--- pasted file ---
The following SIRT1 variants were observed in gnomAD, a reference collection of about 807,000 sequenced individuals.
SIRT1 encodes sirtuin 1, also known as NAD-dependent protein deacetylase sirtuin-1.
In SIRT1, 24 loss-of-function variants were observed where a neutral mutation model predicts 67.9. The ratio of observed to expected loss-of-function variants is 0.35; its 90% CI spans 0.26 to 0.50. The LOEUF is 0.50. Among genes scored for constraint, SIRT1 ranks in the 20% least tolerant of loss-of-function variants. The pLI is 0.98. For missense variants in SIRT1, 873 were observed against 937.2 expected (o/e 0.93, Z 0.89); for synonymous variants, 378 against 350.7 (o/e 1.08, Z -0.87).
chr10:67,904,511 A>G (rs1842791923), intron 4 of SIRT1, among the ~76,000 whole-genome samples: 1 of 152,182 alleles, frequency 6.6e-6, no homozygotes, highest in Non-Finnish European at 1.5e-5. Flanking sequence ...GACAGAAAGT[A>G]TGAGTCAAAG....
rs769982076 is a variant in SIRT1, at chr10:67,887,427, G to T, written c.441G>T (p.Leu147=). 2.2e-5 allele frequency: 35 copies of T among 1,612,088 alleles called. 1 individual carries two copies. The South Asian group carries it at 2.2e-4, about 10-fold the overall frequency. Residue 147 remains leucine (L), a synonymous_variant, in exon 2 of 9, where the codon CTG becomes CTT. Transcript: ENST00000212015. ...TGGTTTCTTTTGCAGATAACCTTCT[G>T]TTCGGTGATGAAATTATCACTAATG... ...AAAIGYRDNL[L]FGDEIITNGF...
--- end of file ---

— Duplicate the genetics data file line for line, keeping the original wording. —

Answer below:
The following SIRT1 variants were observed in gnomAD, a reference collection of about 807,000 sequenced individuals.
SIRT1 encodes sirtuin 1, also known as NAD-dependent protein deacetylase sirtuin-1.
In SIRT1, 24 loss-of-function variants were observed where a neutral mutation model predicts 67.9. The ratio of observed to expected loss-of-function variants is 0.35; its 90% CI spans 0.26 to 0.50. The LOEUF is 0.50. Among genes scored for constraint, SIRT1 ranks in the 20% least tolerant of loss-of-function variants. The pLI is 0.98. For missense variants in SIRT1, 873 were observed against 937.2 expected (o/e 0.93, Z 0.89); for synonymous variants, 378 against 350.7 (o/e 1.08, Z -0.87).
chr10:67,904,511 A>G (rs1842791923), intron 4 of SIRT1, among the ~76,000 whole-genome samples: 1 of 152,182 alleles, frequency 6.6e-6, no homozygotes, highest in Non-Finnish European at 1.5e-5. Flanking sequence ...GACAGAAAGT[A>G]TGAGTCAAAG....
rs769982076 is a variant in SIRT1, at chr10:67,887,427, G to T, written c.441G>T (p.Leu147=). 2.2e-5 allele frequency: 35 copies of T among 1,612,088 alleles called. 1 individual carries two copies. The South Asian group carries it at 2.2e-4, about 10-fold the overall frequency. Residue 147 remains leucine (L), a synonymous_variant, in exon 2 of 9, where the codon CTG becomes CTT. Transcript: ENST00000212015. ...TGGTTTCTTTTGCAGATAACCTTCT[G>T]TTCGGTGATGAAATTATCACTAATG... ...AAAIGYRDNL[L]FGDEIITNGF...